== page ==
‘Something for Everyone’
An openness to new ideas and community has created a reputation at RDC for high-quality, enjoyable performances. “We want to bring people to dance,” Gainor acknowledged, “I prefer to go to shows that have a variety,” of dancers, music, choreography, and styles, “with something for everyone.”
For ‘Showcase’, RDC has enlisted the talents of its founders and friends. For the mainstage RDC show next spring, they held open casting in late August. The founders and choreographers looked for the most talented dancers, but they’ve decided to look for something more. “Last year, we ran into scheduling problems,” Gainor explained. Like the four RDC founders, many dancers have day jobs, teaching duties, family responsibilities, and/or rehearsals for other shows. For this year, the choreographers will select the dates of their rehearsals, and the dancers will need to be available to be cast.
“At the end of the day, we really want to create a professional performance,” acknowledged Gainor, “we make sure it’s really well-rehearsed.” Rehearsals, with all the dancers present and able, is a significant part of dance. Dancers have to work together to create the most beautiful, evocative, and/or inspirational movements, together. “That’s one of the things that makes dance thrilling,” Gainor observed, “that trust,” shown when an ensemble can move and dance as a team.
Support Upcoming Artists
‘Showcase’ will bring together familiar RDC dancers, performing original, creative choreography, with few costumes, and less lighting, but more experimentation and inspiration. “It is technically a fundraiser,” Gainor explained, “but we’re shifting our focus. It’s important to give back. As we’ve gotten robust, we’re more focused on our community and fostering and nurturing upcoming artists.”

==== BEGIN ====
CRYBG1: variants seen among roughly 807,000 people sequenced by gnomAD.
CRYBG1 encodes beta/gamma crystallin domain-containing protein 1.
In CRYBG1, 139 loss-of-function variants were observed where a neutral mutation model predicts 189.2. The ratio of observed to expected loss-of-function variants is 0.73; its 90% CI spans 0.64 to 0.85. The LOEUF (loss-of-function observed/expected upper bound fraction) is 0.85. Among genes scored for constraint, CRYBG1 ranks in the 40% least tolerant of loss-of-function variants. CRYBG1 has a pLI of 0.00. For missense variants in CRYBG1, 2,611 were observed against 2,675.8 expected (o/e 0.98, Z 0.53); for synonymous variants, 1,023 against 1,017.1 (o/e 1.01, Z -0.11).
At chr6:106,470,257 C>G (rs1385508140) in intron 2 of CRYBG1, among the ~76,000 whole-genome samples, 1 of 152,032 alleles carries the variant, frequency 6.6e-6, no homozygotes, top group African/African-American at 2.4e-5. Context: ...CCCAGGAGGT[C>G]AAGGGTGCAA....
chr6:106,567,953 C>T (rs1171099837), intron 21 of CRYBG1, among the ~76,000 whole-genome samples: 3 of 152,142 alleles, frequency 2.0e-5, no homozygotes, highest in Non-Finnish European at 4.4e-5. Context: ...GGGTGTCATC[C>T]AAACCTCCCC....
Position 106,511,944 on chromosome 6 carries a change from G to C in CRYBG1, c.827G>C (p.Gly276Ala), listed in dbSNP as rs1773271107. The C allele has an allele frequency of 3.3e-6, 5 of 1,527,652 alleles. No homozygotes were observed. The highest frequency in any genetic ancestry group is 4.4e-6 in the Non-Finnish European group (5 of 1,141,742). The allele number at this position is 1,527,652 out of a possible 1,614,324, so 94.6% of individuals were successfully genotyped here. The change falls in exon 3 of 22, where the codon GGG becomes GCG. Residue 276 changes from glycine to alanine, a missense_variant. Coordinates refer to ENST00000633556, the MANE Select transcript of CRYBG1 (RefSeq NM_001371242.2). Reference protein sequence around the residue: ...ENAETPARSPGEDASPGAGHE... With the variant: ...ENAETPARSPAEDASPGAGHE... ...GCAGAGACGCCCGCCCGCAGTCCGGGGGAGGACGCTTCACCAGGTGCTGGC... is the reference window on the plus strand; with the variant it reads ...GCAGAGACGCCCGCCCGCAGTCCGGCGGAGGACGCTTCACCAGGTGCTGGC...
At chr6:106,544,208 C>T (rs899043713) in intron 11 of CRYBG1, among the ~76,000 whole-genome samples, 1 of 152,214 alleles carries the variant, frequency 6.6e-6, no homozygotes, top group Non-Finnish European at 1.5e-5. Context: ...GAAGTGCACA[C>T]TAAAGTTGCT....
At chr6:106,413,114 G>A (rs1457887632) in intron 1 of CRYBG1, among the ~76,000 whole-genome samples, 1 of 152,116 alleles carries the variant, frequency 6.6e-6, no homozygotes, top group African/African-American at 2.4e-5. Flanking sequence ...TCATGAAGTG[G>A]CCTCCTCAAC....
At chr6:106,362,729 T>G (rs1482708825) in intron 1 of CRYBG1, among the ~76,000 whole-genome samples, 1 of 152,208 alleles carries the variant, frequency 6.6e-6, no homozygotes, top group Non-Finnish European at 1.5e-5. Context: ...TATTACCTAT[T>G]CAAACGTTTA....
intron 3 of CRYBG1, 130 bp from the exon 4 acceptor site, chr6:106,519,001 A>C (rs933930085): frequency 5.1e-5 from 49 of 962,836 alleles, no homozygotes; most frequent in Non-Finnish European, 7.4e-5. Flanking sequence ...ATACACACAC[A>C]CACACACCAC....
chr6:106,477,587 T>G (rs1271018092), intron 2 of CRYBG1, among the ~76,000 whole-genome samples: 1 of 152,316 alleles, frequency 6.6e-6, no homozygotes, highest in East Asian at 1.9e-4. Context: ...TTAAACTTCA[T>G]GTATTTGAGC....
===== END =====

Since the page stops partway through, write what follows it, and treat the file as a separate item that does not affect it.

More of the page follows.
‘Showcase’ gives new audiences a chance to see this company, and new artists a chance to shine. “We want people that are excited to be making dance,” Gainor observed about RDC in general, and ‘Showcase’ in particular, “We want to support those people.”
“We’re not trying to be avant-garde,” Gainor explained. RDC creates high-caliber, professional dance through collaboration and showing respect for talent.
Tickets can now be purchased, through Brown Paper Tickets, for either a matinee (2:30p) or evening (6:30p) performance of ‘Showcase’ on September 25th at Dance Fremont. Both performances will be followed by a reception, of hors d’oeuvres and drink options, along with a chance to talk with RDC artists, including the founders.
Don’t miss a chance to see what RDC has brought to dance, and to Fremont this fall!
- SOAP Fest: A Labor Of Love Now In Fremont
- by Kirby Lindsay, May 28, 2014
- When You Know You Can Dance
- by Kirby Lindsay, January 8, 2010
- ‘Steadfast’ Young Dancers Provide Holiday Entertainment
- by Kirby Lindsay, December 5, 2011
©2016 Kirby Laney. This column is protected by intellectual property laws, including U.S. copyright laws. Reproduction, adaptation or distribution without permission is prohibited.